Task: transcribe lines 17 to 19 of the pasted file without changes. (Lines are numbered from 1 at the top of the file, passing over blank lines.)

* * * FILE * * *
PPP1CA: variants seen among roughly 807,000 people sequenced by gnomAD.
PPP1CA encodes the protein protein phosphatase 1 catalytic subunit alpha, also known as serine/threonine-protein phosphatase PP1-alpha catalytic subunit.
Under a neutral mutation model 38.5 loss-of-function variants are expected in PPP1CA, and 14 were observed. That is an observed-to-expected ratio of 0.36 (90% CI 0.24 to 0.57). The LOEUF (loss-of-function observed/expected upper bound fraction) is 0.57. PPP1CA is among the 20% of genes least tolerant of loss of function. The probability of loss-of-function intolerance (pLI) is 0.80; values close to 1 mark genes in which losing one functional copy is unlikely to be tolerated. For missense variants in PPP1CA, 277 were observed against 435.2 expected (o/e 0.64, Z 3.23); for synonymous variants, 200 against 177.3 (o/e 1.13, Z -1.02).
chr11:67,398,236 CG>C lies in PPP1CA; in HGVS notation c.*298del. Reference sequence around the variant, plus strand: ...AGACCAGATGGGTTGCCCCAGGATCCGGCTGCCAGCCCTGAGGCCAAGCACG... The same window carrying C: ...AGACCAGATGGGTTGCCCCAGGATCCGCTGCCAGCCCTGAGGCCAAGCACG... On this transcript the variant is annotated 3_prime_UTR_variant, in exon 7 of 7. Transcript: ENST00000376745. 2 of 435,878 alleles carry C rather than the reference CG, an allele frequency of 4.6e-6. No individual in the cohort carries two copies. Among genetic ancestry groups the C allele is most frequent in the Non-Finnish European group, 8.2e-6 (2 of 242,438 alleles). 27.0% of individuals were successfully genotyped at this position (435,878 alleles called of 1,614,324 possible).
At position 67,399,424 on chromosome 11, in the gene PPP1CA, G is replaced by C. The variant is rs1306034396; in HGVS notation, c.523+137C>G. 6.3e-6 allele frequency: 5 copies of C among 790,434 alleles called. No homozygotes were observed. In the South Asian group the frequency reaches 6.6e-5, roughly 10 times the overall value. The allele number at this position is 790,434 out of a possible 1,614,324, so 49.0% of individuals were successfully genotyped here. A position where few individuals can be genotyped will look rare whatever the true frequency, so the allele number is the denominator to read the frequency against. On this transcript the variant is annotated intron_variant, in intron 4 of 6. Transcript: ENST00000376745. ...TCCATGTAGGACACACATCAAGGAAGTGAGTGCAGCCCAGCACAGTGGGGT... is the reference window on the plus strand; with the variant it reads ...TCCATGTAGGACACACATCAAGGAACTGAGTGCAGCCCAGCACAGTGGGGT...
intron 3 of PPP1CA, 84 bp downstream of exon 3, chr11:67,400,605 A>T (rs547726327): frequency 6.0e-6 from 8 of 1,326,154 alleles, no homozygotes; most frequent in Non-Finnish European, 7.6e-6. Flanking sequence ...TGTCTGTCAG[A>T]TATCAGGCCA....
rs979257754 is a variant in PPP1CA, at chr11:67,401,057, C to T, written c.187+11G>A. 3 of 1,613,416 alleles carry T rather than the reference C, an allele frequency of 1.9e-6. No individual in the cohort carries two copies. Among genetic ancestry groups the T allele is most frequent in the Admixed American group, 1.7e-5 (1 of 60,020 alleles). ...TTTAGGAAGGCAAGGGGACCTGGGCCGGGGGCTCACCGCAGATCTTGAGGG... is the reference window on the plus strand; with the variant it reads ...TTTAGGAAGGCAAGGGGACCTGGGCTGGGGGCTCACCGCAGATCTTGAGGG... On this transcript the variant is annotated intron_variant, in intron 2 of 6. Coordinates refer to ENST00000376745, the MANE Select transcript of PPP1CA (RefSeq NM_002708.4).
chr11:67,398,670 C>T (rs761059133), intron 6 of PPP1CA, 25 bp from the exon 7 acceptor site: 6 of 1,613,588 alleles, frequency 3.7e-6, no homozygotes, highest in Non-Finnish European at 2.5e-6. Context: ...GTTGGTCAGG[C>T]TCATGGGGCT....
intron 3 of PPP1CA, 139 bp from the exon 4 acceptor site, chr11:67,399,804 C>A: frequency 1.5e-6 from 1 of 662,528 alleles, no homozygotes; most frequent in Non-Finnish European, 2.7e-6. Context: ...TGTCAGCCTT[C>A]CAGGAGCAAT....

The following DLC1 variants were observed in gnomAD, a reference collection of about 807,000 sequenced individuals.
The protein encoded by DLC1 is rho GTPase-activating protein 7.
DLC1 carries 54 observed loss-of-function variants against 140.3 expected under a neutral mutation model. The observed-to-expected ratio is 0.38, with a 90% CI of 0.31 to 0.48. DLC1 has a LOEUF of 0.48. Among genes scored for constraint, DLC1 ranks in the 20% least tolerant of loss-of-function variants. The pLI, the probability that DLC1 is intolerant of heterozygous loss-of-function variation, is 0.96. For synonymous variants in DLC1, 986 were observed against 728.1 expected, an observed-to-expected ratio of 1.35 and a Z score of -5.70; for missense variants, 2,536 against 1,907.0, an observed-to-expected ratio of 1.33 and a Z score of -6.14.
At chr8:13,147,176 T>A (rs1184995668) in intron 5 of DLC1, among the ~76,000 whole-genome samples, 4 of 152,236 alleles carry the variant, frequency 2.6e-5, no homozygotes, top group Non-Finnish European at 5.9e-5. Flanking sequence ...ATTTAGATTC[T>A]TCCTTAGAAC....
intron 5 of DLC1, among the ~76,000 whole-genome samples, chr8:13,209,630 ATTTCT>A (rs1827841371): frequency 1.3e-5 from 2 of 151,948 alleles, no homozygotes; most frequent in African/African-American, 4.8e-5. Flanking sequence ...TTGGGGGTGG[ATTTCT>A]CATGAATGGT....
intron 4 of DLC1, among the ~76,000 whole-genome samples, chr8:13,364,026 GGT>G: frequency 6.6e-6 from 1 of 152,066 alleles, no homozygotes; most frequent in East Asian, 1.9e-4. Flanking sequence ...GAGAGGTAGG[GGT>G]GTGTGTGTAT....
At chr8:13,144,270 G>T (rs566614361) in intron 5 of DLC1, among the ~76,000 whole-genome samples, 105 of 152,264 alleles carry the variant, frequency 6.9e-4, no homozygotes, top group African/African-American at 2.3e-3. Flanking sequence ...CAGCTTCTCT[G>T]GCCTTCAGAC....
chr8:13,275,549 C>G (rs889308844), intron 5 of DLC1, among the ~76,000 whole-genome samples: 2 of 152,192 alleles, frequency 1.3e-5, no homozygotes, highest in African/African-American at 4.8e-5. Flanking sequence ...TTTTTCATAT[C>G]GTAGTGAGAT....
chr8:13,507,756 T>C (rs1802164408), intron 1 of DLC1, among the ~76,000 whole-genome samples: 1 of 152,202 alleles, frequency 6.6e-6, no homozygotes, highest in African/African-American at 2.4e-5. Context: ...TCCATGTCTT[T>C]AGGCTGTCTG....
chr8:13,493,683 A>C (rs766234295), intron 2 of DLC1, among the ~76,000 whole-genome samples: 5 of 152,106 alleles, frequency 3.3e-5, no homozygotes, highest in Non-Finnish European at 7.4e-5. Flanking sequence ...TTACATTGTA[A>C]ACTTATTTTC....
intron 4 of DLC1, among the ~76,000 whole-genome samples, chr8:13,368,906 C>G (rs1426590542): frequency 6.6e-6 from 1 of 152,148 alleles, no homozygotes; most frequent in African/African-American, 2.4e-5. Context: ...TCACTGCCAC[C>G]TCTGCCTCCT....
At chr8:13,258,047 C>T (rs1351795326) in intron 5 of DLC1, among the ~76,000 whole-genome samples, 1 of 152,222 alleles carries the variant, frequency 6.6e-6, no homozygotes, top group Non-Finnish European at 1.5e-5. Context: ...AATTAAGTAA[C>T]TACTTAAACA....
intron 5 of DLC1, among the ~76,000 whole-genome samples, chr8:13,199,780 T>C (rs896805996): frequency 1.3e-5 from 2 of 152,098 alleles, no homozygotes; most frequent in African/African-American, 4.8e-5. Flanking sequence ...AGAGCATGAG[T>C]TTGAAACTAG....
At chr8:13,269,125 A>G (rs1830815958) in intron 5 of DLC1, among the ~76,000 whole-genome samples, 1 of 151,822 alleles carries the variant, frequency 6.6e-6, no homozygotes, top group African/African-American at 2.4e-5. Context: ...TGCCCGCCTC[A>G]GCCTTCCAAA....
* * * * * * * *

chr8:13,275,549 C>G (rs889308844), intron 5 of DLC1, among the ~76,000 whole-genome samples: 2 of 152,192 alleles, frequency 1.3e-5, no homozygotes, highest in African/African-American at 4.8e-5. Flanking sequence ...TTTTTCATAT[C>G]GTAGTGAGAT....
chr8:13,507,756 T>C (rs1802164408), intron 1 of DLC1, among the ~76,000 whole-genome samples: 1 of 152,202 alleles, frequency 6.6e-6, no homozygotes, highest in African/African-American at 2.4e-5. Context: ...TCCATGTCTT[T>C]AGGCTGTCTG....
chr8:13,493,683 A>C (rs766234295), intron 2 of DLC1, among the ~76,000 whole-genome samples: 5 of 152,106 alleles, frequency 3.3e-5, no homozygotes, highest in Non-Finnish European at 7.4e-5. Flanking sequence ...TTACATTGTA[A>C]ACTTATTTTC....